Nav: Home

Evidence of the Higgs particle's decay in quarks

July 19, 2017

As part of the ATLAS collaboration, the Freiburg research group led by Prof. Dr. Karl Jakobs and Dr. Christian Weiser has contributed to finding strong evidence that, among other things, the Higgs particle decays into quarks. The researchers analyzed data sets that were recorded in 2015 and 2016 with the ATLAS detector at the world's largest particle accelerator, the Large Hadron Collider (LHC) at the European Organization for Nuclear Research (CERN) in Geneva, Switzerland. "The strong evidence that the Higgs particle, as predicted by theory, decays into quarks provides yet another essential piece to the puzzle about this particle," says Weiser, who leads the research activity in Freiburg. "The goal now is to prove the decay exists beyond a shadow of a doubt and, based on this knowledge, to measure the Higgs particle's properties more accurately." As a result, measuring the decay is extremely important for the researchers in order to explain the short lifespan of the Higgs particle. Measurable deviations from standard theory's predictions could point to so-called new physics, which reaches beyond the Standard Model.

The discovery of the Higgs particle through the ATLAS and CMS experiments at the LHC accelerator in CERN in 2012 presented a milestone in physics even as the particle's existence had been predicted nearly 50 years prior to that. It is a most short-lived particle that decays into other particles nearly the moment it is produced.

The rate with which decays into various particles occur can be computed within the framework of the underlying theory. Up to now, researchers have been able to fully prove the decay into other particles - so-called W and Z bosons, photons and tau leptons. But they had not been able to observe the Higgs particle's decay into a couple of b-quarks that is expected to occur with the largest rate of around 60 percent probability. The reason is that a number of other processes exist that are hard to differentiate from the Higgs particle's decay in b-quarks and that occur at a much higher rate. But now they have discovered new evidence: The probability that the observed signal is feigned solely by other processes is only 0.018 percent. The presentation of these findings was one of the highlights of the conference run by the European Physical Society (EPS) that was held July 5-12, 2017 in Venice, Italy.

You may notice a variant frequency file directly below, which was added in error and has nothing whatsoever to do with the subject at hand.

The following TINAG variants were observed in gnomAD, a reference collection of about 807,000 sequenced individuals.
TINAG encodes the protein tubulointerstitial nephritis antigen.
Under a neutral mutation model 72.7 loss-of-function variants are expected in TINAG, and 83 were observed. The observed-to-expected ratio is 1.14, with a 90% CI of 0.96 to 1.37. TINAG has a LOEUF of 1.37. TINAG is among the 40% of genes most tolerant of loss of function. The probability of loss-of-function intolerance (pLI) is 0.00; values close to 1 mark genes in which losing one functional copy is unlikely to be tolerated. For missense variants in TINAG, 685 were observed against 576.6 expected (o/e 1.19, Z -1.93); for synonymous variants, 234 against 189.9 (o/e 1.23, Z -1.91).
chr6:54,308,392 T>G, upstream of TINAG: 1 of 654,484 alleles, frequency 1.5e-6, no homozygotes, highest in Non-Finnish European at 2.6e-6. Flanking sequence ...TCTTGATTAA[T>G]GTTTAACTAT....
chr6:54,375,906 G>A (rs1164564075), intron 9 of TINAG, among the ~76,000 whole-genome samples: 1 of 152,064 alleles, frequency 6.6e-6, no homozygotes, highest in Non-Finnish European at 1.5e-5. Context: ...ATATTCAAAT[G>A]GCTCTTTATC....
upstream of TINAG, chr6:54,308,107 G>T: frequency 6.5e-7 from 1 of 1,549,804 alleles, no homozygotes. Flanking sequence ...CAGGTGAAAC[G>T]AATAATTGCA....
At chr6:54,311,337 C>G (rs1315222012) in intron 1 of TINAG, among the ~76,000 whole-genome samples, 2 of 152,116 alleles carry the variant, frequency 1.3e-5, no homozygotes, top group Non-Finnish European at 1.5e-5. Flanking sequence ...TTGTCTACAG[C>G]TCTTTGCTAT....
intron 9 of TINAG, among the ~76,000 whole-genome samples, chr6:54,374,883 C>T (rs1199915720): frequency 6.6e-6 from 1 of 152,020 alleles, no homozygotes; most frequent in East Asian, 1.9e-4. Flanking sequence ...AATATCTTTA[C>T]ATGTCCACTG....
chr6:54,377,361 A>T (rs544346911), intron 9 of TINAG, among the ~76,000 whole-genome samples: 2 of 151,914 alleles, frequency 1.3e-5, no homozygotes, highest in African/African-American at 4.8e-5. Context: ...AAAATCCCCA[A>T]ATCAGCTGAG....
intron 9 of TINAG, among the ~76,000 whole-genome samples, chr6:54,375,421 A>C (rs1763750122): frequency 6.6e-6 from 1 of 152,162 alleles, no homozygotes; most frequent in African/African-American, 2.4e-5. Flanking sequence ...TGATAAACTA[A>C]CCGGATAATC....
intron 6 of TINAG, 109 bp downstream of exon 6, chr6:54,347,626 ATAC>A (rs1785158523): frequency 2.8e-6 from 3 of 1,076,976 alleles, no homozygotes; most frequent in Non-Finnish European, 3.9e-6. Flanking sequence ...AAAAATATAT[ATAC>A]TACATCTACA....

-end-
Further information: http://press.cern/update/2017/07/lhc-experiments-delve-deeper-precision
https://atlas.cern/updates/atlas-news/atlas-highlights-eps-hep-2017

University of Freiburg

Related Physics Articles:

Diamonds coupled using quantum physics
Researchers at TU Wien have succeeded in coupling the specific defects in two such diamonds with one another.
The physics of wealth inequality
A Duke engineering professor has proposed an explanation for why the income disparity in America between the rich and poor continues to grow.
Physics can predict wealth inequality
The 2016 election year highlighted the growing problem of wealth inequality and finding ways to help the people who are falling behind.
Physics: Toward a practical nuclear pendulum
Researchers from Ludwig-Maximilians-Universitaet (LMU) Munich have, for the first time, measured the lifetime of an excited state in the nucleus of an unstable element.
Flowers use physics to attract pollinators
A new review indicates that flowers may be able to manipulate the laws of physics, by playing with light, using mechanical tricks, and harnessing electrostatic forces to attract pollinators.
More Physics News and Physics Current Events

Best Science Podcasts 2019

We have hand picked the best science podcasts for 2019. Sit back and enjoy new science podcasts updated daily from your favorite science news services and scientists.
Now Playing: TED Radio Hour

Teaching For Better Humans
More than test scores or good grades — what do kids need to prepare them for the future? This hour, guest host Manoush Zomorodi and TED speakers explore how to help children grow into better humans, in and out of the classroom. Guests include educators Olympia Della Flora and Liz Kleinrock, psychologist Thomas Curran, and writer Jacqueline Woodson.
Now Playing: Science for the People

#535 Superior
Apologies for the delay getting this week's episode out! A technical glitch slowed us down, but all is once again well. This week, we look at the often troubling intertwining of science and race: its long history, its ability to persist even during periods of disrepute, and the current forms it takes as it resurfaces, leveraging the internet and nationalism to buoy itself. We speak with Angela Saini, independent journalist and author of the new book "Superior: The Return of Race Science", about where race science went and how it's coming back.